Just then, hearing him yell out once more, Vigor turned and ran for his brother. As Vigor neared Vim, Vim noticed his brother running toward him. In between jolts from the lightning rod, Vim managed to focus his mind and his energy. He then stretched out his hand and blasted the remaining drones with a bolt of lightning that forked out to hit each one of them. Vigor reached Vim and grabbed the remaining restraint. He roared as the massive electrical energy surged through his body, fighting to free his brother from the torment of the machine. The metal began to yield under his great strength. Then, it finally gave. He snatched the leg restraints off like they were paper, seized Vim, and hoisted him out of the chair. Almost immediately, the machine that was seconds ago so lively was now inactive and silent. Vigor dropped to his knees with Vim over his shoulder then set Vim down in front of him. He was breathing heavily. He was propping himself up with a hand on the ground while the other stayed hooked around Vigor’s shoulders. Vigor himself had an arm around Vim’s ribs holding him up, with the other hand on his chest giving support.

    “Vig… Vig…” said Vim in between breaths.

    “Don’t talk. Get your wind back first,” said Vigor.

    Vim breathed. He was exhausted. Vigor, kneeling there with him, rubbed his back in an attempt to soothe him and ease him through the initial recovery period. After a time, Vim’s breathing slowed. He lifted his hand up off the ground and patted Vigor twice on the shoulder briefly.

    “Thank you, Vig… Thank you…”

    “I’ve got your back, little brother.”

    Vim’s hand went back to the ground, heavy. He continued to breathe deep.

    “Just rest. We’ll get whoever did this when you can stand. And this time… we’ll stand together.”

  • 20 Aug 2017 4:06 PM
    Reply # 5039108 on 4927520
    E. Lettick

    I enjoyed this, Louis, as I do most of what you write. Your writing is detailed and thoughtful and carries a certain panache. Although this seems like a spiritual piece, it appeals to youth, especially those who enjoy fantasy and a good gory battle. Nice job.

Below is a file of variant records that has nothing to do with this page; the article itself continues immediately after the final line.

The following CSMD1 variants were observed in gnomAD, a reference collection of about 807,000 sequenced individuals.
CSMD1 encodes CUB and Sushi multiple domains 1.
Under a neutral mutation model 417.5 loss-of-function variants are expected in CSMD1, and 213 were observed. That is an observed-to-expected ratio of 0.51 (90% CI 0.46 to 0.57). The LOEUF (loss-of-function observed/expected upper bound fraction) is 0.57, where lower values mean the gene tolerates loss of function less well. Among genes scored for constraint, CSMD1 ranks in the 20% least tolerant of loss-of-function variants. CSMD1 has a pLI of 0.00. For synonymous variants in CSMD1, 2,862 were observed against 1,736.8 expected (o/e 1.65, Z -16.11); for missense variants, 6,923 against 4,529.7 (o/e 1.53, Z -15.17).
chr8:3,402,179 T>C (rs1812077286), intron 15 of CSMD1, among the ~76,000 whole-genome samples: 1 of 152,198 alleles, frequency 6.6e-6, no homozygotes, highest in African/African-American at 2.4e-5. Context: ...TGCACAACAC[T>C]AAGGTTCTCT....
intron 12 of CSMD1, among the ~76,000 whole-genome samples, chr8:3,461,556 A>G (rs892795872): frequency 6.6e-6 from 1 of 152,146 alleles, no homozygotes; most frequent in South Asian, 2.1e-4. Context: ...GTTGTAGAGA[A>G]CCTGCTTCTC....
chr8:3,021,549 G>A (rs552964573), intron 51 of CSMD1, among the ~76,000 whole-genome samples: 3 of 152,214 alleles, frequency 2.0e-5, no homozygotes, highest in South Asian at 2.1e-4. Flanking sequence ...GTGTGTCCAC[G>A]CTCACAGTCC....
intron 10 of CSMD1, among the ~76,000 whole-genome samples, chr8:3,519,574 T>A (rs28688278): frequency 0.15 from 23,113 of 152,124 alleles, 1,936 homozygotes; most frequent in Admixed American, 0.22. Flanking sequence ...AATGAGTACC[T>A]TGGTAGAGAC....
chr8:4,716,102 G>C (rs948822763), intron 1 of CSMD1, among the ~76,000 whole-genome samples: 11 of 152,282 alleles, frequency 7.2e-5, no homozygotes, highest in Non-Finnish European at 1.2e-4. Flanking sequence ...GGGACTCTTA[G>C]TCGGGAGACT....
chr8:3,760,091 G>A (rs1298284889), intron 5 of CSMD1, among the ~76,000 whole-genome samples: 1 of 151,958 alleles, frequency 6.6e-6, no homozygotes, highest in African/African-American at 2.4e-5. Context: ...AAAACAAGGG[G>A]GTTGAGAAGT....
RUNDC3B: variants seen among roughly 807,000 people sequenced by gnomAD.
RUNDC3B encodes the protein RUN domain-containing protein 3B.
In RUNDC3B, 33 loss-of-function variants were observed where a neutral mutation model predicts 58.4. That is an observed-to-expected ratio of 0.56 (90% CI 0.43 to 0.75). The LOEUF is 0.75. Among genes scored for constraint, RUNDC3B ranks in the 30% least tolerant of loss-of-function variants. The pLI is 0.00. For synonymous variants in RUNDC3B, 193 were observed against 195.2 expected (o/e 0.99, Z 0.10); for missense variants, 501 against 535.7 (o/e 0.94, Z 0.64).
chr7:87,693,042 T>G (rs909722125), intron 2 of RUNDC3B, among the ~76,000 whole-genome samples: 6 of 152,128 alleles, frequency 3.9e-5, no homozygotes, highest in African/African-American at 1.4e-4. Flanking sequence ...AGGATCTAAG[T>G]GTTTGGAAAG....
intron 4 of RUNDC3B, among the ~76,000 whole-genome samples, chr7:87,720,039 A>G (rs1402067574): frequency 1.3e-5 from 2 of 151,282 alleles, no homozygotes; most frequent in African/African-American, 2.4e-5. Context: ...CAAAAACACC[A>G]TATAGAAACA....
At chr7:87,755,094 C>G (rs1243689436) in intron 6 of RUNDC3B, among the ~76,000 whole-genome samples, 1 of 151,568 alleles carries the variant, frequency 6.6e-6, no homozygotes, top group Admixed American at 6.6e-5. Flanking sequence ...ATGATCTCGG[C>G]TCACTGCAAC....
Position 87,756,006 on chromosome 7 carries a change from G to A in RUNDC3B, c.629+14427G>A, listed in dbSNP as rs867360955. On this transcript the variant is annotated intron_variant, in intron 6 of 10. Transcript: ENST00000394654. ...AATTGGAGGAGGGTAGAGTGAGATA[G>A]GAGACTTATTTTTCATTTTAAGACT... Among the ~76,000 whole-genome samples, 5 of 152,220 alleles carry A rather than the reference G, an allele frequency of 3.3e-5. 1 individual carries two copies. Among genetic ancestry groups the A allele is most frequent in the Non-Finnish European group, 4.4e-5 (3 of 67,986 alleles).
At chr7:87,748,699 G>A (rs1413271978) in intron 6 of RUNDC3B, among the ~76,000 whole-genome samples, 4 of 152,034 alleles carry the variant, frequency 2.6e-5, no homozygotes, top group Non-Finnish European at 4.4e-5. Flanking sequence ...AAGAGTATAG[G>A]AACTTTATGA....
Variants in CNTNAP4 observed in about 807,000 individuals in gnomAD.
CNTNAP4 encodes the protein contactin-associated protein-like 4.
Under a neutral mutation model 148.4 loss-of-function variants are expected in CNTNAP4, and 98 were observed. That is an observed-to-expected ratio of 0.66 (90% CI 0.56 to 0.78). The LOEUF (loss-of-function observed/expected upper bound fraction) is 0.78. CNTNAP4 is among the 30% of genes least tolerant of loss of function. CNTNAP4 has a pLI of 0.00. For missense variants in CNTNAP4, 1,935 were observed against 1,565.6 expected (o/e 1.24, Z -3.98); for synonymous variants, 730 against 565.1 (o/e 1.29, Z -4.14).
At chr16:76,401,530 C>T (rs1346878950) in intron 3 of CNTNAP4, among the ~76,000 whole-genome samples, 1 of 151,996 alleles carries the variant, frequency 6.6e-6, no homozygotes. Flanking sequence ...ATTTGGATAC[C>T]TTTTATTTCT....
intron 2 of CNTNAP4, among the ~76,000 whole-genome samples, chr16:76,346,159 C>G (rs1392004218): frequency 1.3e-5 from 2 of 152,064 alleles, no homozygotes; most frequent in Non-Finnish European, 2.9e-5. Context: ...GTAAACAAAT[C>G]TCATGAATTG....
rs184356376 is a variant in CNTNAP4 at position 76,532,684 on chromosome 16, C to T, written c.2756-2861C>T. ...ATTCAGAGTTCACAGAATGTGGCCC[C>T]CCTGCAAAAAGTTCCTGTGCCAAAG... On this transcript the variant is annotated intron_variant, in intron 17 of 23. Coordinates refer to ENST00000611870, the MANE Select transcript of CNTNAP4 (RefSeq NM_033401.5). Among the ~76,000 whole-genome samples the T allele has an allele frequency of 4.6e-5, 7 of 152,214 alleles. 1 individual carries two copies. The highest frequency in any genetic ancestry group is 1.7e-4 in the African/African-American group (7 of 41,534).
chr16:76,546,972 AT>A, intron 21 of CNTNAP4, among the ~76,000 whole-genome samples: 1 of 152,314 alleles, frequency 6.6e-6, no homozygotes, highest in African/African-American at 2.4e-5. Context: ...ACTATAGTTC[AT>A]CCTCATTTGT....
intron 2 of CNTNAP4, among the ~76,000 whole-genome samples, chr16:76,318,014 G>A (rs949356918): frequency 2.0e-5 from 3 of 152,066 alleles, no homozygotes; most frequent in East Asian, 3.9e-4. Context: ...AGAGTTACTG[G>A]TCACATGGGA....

• 20 Aug 2017 9:07 AM
    Reply # 5038610 on 4927520
    Sherri Hollister (Administrator)

    Louis, this is a fabulous story. I can see it in a graphic novel for teenagers. It's a great way to demonstrate the battle we all have to face. Very good!

  • 19 Aug 2017 7:07 PM
    Reply # 5037980 on 4927520
    Louis Edwards


    Michael stood along the desolate highway staring at the ominous clouds overhead. Sharp penetrating tentacles of light streaked across the canvas of black illuminating the hordes that loomed above the little town of Haven. He knew this mission would come at a cost. If he and his army failed, the town would lose all hope and faith would be lost. He was thankful for his brothers in arms, Uriel and Kushiel. Like him, they were battle hardened and ready to answer the call of their commander, Yahweh.

    “My brothers,” Michael looked at his two legionaries. “Haven is under seize and I think I may know who the commander is.”

    Kushiel spoke up. “Who?”

    “The Prince of Persia.”

    Uriel and Kushiel drew their swords, raised them to the air and said in unison. “In the name of Yahweh, we will defeat him and his imps.”

    Michael raised his hand. “Put away your weapons, they’ll be plenty of time for that later.” He appreciated their zeal, but the battle would be fought on a different front this time. The enemy would be expecting them, and he didn’t want another twenty-eight day war like they had in Babylon.

    He turned to Uriel and placed his hand on his shoulder. “Uriel, my brother, I need you to take a few of your hosst and go the prayer warriors house. Kushiel and I will create a diversion and draw the Prince of Persia and his minions away. Make sure you protect her at all cost. She must get through to the mayor.” Uriel drew his sword, slapped it across his chest and with a sharp snap he bowed his head. Michael returned the gesture and signaled for Kushiel to join him.

    The two entered town and stopped in front of the prayer warrior’s house. The sentinels stationed around the house drew their swords.

    Michael stood with his arms crossed. “Do you really think you can stop me?”

    A gravelly voice broke through the chatter among the hoards guarding the house. “They may cower and run but I never will.”

    Michael grinned and looked at Kushiel. “I think we found him.”

    “Was there any doubt. “ Kushiel drew his sword and both of them turned their attention to the front door when the Prince of Persia materialized.